D&D 5E D&D Beyond Releases 2023 Character Creation Data

D&D Beyond released the 2023 Unrolled with data on the most popular character choices for D&D. The full article includes a wide variety of statistics for the beta test of Maps, charity donations, mobile app usage, and more. However, I’m just going to recap the big numbers.

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The most common species chosen by players are Human, Elf, Dragonborn, Tiefling, and Half-Elf. This contrasts with the stats from Baldur’s Gate 3 released back in August 2023 where Half-Elves were the most popular with the rest of the top five also shuffling around.

Also, keep an eye on the scale of these charts as they’re not exactly even. It starts with just over 700,000 for Humans and 500,000 for Elf, but the next line down is 200,000 with the other three species taking up space in that range. This means the difference separating the highest line on the graph and the second highest is 200,000, then 300,000 between the next two, 100,000 between the next, and finally 10,000 separating all the others.

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Top classes start off with the Fighter then move onto the Rogue, Barbarian, Wizard, and Paladin. The scale on this chart is just as uneven as the last, but the numbers are much closer with what appears to be about 350,000 Fighters at the top to just over 100,000 Monks in next-to-last with under 80,000 Artificers. This contrasts far more from the Baldur’s Gate 3 first weekend data as the top five classes for the game were Paladin, Sorcerer, Warlock, Rogue, and Bard.

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And the most important choices for new characters, the names. Bob is still the top choice for names with Link, Saraphina, and Lyra seeing the most growth and Bruno, Eddie, and Rando seeing the biggest declines from last year.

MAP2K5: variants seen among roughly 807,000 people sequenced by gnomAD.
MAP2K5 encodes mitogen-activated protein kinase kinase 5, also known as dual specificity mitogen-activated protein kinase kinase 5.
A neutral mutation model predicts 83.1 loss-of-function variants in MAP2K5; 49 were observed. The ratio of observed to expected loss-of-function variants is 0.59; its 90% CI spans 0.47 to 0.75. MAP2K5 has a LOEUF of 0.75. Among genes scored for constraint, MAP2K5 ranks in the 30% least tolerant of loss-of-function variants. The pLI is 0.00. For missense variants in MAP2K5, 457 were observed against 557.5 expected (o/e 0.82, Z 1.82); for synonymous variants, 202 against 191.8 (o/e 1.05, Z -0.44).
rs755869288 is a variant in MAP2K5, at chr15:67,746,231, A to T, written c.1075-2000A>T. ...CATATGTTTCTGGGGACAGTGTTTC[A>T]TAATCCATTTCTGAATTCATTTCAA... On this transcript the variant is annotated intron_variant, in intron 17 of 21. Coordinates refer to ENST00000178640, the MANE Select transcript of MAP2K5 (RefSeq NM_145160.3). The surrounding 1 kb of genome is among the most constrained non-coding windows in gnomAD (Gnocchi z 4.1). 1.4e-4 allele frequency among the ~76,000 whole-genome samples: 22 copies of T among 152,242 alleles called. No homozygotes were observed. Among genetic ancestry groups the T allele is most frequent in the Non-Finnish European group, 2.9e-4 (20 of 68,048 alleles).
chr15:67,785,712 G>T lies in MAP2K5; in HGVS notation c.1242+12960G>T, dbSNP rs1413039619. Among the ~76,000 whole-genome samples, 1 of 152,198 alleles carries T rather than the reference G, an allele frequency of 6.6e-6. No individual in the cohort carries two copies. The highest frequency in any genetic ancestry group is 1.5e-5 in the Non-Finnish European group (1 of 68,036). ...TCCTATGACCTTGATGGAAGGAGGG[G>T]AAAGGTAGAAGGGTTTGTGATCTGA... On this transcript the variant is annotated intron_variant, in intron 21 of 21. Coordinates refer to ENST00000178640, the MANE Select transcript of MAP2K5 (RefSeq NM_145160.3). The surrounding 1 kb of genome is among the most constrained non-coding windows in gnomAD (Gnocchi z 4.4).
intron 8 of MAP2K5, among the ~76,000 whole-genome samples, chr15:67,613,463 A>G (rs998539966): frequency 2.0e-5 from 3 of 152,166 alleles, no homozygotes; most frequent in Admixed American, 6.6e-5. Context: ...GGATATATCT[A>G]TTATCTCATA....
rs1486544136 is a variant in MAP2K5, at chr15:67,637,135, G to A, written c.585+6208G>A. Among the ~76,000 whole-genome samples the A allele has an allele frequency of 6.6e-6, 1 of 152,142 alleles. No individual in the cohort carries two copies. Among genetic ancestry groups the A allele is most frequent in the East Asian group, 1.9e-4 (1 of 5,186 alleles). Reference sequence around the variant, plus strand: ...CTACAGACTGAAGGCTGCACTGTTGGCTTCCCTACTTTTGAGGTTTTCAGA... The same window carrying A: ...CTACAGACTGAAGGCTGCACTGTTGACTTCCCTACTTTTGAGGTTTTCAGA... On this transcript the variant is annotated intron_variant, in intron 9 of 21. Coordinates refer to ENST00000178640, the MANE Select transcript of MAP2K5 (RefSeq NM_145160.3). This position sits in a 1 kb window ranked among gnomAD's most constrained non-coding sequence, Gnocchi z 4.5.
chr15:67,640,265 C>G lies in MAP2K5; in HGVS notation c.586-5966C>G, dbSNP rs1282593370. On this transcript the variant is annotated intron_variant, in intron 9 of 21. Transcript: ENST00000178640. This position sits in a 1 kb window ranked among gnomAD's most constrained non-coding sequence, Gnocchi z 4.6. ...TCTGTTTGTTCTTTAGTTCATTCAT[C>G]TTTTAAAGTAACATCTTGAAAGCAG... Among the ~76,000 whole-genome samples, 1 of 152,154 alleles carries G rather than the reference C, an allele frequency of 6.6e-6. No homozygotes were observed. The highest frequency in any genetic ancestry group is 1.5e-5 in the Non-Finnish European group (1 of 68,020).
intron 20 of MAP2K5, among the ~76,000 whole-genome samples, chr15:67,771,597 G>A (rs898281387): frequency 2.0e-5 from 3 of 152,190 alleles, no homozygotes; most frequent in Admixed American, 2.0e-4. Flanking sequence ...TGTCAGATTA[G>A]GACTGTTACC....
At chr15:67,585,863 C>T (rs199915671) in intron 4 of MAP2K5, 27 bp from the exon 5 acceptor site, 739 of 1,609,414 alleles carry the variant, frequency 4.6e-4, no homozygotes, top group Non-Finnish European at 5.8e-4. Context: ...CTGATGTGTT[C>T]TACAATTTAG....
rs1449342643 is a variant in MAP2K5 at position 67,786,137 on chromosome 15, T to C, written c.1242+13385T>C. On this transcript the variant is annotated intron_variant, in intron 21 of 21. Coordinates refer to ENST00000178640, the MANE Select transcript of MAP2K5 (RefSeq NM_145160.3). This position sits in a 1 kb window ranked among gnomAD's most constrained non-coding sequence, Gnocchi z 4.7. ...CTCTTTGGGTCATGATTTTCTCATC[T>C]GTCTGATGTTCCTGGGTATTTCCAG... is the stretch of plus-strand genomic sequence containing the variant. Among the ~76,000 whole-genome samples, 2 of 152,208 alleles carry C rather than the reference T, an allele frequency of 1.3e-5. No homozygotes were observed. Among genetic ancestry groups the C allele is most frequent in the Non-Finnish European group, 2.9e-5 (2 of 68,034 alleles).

Putting that together, it means the most commonly created character on D&D Beyond is Bob the Human Fighter. A joke going as far back as I can remember in RPGs is, in fact, reality proven by hard statistics.
 

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Darryl Mott

Darryl Mott

Oofta

Legend
It is also pretty amusing, this depiction of trolls as these cunning, capable, stealthy hunters..

When (in 5e at least) they are literal giants..with negative mental attribute modifiers..across the board..and no stealth proficiency (their only stealth benefit is a +1 dex)..and no mention of cunning or hunting or stealth..at all..in their statblock or description.

Like..not one piece of the characterization is supportable based on what the game tells us about the monster

Most predators play to their strengths. Nobody is saying trolls are lurkers, just that there is no reason to believe they are inherently suicidal. That, and if your encounter is not happening on salt flats, line of sight may not extend indefinitely.
 

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Most predators play to their strengths. Nobody is saying trolls are lurkers, just that there is no reason to believe they are inherently suicidal. That, and if your encounter is not happening on salt flats, line of sight may not extend indefinitely.
They are 9ft tall stubborn bipeds, prone to rage..with no skills or behaviors that suggest they should be able to easily approach the party unawares.

Meanwhile D&D party members will frequently have skills and abilities which are designed to help them detect and avoid danger.

It's fine if you want to give trolls the benefit of quantum impenetrable obscuring terrain and preternatural situational awareness, but your thumb is on the scales.
 

Oofta

Legend
They are 9ft tall stubborn bipeds, prone to rage..with no skills or behaviors that suggest they should be able to easily approach the party unawares.

Meanwhile D&D party members will frequently have skills and abilities which are designed to help them detect and avoid danger.